Swift was childless, but Gulliver has many offspring. Unauthorised 18th-century sequels were early examples of “fan fiction”. Swift disdained them, but loved his friend Alexander Pope’s poetic riff Verses on Gulliver’s Travels (1728). Pope imaginatively reconstructs the plight of Gulliver’s neglected wife in England. Swift had the verses printed alongside Gulliver in 1735; they still cohabit in some editions today.

Gulliver’s Travels inspired George Orwell in framing both Animal Farm (1945) and Nineteen Eighty-Four (1949). In the former, Orwell translates the ranking of Houyhnhnm above Yahoo into the animals’ defeat of the cruel farmer Jones. Orwell’s later totalitarian dystopia, though, shadowed by Swift’s melancholy estimate of human virtue, is also decorated with Gulliverian motifs. The prototype for the automated book-writing machines in Winston Smith’s Ministry of Truth in Nineteen Eighty-Four was first glimpsed by Gulliver in the Academy of Lagado.

In 1725, contemplating Gulliver’s imminent completion, Swift wrote to Pope: “The chief end I propose to myself is to vex the world rather than divert it.” Gulliver’s intricate tensions, no less than its colossal narrative drive, assure its place in English letters: it stubbornly resists a “final reading”. We can finish Gulliver in a day, but journey with him for decades.

The Revd Alexander Faludy is a freelance journalist.

Gulliver’s Travels by Jonathan Swift is published by Collins Classics at £6.99 (Church Times Bookshop £6.30); 978-0-00-829651-3.


  1. “No object ever disgusted me so much as the sight of her monstrous breast.” How are women described and given value in Gulliver’s Travels?

  2. What can Gulliver’s Travels teach us about difference, foreignness, and how we value the “other”?

  3. Are the Houynhnhnms perfect beings? If not, what are their flaws?

  4. How does Swift value reason versus emotion? How do you value them, and do you think them in opposition?

  5. Michael Foot suggested that everyone standing for political office should be examined on Gulliver’s Travels. Is it still relevant as a political critique? How?

  6. How does Swift describe eternal life for the Struldbruggs? Do you agree with his depiction?

  7. Is Swift a misogynist, or is he satirising misogyny?

  8. Are humans sinful by nature, for Swift? Does he offer us any way of improving ourselves?

  9. Does Swift’s commentary on religious conflict (e.g. through his description of arguments over egg-cracking) hold true today? What examples can you think of?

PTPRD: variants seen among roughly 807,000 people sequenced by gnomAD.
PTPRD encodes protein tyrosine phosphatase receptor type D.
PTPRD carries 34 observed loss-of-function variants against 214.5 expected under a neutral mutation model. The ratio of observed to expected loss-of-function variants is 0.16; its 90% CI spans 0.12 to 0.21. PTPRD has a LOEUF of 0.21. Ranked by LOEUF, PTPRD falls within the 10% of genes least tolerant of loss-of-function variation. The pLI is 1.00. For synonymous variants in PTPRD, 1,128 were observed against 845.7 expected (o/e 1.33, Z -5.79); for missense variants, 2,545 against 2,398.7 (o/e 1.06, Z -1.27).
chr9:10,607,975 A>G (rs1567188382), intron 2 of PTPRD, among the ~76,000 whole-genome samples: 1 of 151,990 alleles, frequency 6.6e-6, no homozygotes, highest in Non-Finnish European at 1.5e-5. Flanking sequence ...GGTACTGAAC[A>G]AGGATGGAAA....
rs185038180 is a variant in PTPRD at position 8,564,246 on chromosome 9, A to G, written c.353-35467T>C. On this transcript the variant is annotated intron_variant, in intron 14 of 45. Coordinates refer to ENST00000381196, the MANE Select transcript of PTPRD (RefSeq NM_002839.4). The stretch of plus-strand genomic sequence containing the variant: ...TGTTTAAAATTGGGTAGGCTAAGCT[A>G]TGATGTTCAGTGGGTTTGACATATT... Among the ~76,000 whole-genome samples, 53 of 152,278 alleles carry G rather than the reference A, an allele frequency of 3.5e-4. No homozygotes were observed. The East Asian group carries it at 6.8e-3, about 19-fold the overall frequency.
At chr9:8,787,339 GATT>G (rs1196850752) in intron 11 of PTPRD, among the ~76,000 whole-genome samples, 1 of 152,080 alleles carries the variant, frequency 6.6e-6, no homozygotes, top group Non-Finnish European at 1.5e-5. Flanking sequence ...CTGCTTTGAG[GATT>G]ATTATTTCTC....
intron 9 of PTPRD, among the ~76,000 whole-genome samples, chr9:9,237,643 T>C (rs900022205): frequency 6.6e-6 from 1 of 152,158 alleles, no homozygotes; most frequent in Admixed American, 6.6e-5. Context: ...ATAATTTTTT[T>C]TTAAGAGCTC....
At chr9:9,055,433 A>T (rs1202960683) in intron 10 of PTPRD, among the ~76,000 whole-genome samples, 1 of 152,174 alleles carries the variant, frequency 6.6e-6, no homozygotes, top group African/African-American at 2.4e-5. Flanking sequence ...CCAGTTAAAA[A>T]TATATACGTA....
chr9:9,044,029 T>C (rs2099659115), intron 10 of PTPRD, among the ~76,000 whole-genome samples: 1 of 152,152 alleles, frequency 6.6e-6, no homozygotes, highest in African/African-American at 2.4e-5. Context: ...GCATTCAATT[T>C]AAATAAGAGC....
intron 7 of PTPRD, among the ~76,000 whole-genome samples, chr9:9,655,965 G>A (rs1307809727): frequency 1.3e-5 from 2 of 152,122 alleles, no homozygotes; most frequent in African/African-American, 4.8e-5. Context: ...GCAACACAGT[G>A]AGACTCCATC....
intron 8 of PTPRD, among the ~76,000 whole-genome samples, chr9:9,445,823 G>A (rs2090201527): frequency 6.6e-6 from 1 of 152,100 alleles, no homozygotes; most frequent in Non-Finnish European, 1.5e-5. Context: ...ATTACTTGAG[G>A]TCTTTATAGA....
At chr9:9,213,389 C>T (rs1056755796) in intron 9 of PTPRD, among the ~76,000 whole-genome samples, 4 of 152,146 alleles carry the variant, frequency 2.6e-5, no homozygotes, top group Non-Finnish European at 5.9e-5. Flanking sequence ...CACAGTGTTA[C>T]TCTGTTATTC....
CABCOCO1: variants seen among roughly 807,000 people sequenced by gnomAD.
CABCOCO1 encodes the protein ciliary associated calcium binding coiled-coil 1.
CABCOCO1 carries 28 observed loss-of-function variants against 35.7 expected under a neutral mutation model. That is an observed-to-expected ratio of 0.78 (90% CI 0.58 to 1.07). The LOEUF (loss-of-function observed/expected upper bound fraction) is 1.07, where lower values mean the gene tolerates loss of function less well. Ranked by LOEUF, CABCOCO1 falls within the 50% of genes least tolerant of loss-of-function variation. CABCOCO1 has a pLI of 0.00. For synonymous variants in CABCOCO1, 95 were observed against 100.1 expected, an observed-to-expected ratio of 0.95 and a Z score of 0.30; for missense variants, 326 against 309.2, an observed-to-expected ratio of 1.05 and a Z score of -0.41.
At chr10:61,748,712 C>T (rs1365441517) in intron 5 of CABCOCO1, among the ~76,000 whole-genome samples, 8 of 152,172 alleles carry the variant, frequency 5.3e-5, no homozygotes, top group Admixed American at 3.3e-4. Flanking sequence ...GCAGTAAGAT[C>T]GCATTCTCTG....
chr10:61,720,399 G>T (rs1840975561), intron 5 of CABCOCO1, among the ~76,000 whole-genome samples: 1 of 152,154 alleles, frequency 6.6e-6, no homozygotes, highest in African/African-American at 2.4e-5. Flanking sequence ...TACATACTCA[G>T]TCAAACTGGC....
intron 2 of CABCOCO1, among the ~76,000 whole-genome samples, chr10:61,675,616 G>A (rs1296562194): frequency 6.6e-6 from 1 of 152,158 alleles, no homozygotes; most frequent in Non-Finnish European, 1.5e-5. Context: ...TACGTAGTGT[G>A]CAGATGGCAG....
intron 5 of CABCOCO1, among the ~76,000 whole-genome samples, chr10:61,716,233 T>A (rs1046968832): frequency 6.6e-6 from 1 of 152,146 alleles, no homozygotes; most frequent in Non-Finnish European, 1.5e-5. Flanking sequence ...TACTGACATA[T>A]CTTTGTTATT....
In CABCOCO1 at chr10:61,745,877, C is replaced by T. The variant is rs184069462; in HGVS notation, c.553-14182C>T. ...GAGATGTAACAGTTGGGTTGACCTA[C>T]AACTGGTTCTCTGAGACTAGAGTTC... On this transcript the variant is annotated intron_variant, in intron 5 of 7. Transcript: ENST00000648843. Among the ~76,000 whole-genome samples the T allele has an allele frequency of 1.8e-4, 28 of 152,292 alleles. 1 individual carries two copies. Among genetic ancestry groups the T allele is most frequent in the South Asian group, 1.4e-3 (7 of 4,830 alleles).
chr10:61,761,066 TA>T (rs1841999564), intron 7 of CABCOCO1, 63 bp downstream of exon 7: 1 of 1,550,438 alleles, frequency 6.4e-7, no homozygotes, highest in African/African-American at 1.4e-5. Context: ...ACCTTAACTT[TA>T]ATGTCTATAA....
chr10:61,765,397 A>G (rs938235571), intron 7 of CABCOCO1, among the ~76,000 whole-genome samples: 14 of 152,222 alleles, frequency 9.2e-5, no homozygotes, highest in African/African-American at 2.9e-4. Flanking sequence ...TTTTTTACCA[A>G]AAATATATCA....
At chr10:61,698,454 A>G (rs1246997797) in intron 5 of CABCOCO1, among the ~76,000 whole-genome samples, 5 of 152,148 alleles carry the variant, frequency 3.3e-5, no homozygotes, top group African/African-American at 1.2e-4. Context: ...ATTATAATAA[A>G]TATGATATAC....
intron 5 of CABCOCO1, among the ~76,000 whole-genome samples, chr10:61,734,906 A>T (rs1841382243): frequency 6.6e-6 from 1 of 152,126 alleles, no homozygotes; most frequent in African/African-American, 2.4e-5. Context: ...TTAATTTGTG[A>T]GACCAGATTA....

10. Gulliver refers repeatedly to “Persons of quality”. How does Swift satirise class divisions?


IN OUR next reading-groups page on 3 July, we will print extra information about our next book, Honour by Elif Shafak. It is published by Penguin at £8.99 (£8.10); 978-0-241-97294-6.

In the preface to Honour, Shafak describes living in a neighbourhood that pretended not to see or hear violence. She dedicates the book to “those who hear, those who see”. Set in London and Turkey, Honour tells the story of three generations of the Turkish-Kurdish Toprak family attempting to make new lives for themselves in 1970s London. Tensions emerge between old traditions and new experiences, and the shadow of the “honour code” hangs over the family. In a sensitive portrayal of diasporic life, Shafak’s narrative questions notions of femininity and masculinity, loyalty and faith, in a family negotiating between two cultures.

Born in France (1971) to Turkish parents, Elif Shafak is an academic, author, and advocate for women’s and minority rights. She has degrees in international relations and gender studies, and a doctorate in political science, and she has taught at universities in Turkey, the United States, and the UK. As a fiction author, Shafak has written 11 published novels in both Turkish and English. She was shortlisted for the Booker Prize in 2019. She is often described as Turkey’s most widely read female novelist. In 2006, she was acquitted of the charge of “insulting Turkishness” for ideas expressed in her fiction. Shafak now lives in London.



August: Florence Nightingale: The woman and her legend by Mark Bostridge
September: Black Dogs by Ian McEwan